The Daily Orange is a nonprofit newsroom that receives no funding from Syracuse University. Consider donating today to support our mission.
After two positive COVID-19 tests left Syracuse men’s basketball in quarantine and paused the program’s activities, the team is set to take on Bryant in the Carrier Dome on Friday at 3 p.m. It’s the first of five scheduled nonconference games for SU and one of 20 conference matchups that begin in mid-December.
Last week, The Daily Orange looked at some of the numbers that’ll define Syracuse’s season. Here are some of the bigger picture metrics that will determine whether the Orange return to the NCAA Tournament in 2021:
Syracuse never relied heavily on bench minutes, and that’s likely to remain unchanged in 2020-21.
The Orange ranked 349th out of 353 Division I basketball teams last season in number of minutes played by bench players. Each year, Syracuse looks like it will have the depth to play more than seven guys regularly. But in most seasons, head coach Jim Boeheim solidifies a six-or seven-man rotation early on, with an occasional eighth player filtering in.
This year, the main seven appears clear: Joe Girard III, Buddy Boeheim, Alan Griffin, Marek Dolezaj, Bourama Sidibe, Kadary Richmond and Quincy Guerrier. How much the Orange play a back-up center relies on Sidibe and foul trouble, but Boeheim’s made it clear he’s unlikely to go deep into the bench.
Since joining the Atlantic Coast Conference eight seasons ago, the Orange have been in the top 300 for bench minutes only in 2018. Expect Syracuse to yet again keep a thin bench in 2020-21.
Two-foul participation rates have a massive impact on managing Sidibe.
Sidibe’s consistent foul trouble was one of the main issues for Syracuse’s defense last season. The Orange’s center picked up early fouls and had to either leave the game or alter his level of aggressiveness to prevent fouling out.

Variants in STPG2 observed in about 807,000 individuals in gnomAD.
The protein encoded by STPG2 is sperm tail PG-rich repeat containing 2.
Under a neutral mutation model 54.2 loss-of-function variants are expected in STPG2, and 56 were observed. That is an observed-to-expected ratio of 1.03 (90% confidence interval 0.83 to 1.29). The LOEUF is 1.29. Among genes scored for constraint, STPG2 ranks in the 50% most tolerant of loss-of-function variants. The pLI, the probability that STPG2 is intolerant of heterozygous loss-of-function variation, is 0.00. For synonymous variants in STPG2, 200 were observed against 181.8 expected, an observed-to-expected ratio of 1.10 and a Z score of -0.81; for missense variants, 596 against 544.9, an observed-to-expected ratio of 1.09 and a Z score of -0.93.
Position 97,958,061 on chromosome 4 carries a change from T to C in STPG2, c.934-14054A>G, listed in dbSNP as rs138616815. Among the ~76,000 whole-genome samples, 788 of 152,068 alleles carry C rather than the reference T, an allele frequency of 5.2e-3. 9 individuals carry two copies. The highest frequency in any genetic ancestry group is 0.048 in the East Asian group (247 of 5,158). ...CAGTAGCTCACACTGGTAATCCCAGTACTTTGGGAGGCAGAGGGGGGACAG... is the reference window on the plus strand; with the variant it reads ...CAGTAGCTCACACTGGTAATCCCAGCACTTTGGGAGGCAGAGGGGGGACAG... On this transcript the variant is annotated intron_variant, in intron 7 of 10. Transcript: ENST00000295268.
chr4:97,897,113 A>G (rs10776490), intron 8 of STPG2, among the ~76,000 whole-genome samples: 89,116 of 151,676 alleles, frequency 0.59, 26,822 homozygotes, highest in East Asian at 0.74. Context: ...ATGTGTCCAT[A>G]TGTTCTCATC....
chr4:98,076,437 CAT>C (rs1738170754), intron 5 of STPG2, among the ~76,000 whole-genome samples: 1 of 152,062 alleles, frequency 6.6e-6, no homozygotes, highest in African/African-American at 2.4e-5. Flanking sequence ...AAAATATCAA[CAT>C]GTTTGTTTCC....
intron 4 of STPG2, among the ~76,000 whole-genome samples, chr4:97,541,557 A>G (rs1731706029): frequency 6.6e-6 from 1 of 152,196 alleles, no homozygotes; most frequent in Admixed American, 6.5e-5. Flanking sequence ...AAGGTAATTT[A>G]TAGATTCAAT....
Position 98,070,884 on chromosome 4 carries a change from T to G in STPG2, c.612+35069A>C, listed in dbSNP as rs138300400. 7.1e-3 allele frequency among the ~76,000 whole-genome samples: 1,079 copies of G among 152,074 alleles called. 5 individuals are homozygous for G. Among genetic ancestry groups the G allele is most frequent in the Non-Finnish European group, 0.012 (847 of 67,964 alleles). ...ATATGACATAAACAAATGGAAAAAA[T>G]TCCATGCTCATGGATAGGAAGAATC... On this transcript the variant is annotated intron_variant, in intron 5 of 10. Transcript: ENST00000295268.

For years, Boeheim has trusted players with two fouls by leaving them in the game. In many ways, the two-foul participation rate is tied to his decision to not go deep into the bench. The Orange ranked sixth in 2019-20 in that percentage, at 54%, which is significantly above the 20.5% national average. Boeheim allows his players more leeway to stay out of the third foul on their own.
While Florida State, Clemson and Duke don’t typically play athletes with two fouls, Georgia Tech and SU consistently rank among the top 15 in two-foul participation rate.
If Sidibe does pick up two early fouls in games this year, don’t be surprised to see Boeheim leave him in the game instead of turning to more inexperienced options deeper on his bench.
Minutes continuity has a moderate correlation to success the following season.
A lack of minutes continuity was another one of Syracuse’s biggest issues in the 2019-20 season. The Orange were replacing offensive and defensive production in Tyus Battle, Frank Howard and Oshae Brissett, among others. SU ranked 34th in minutes continuity in the year following its tournament run in 2018, with 69.9% of its minutes returning the following season.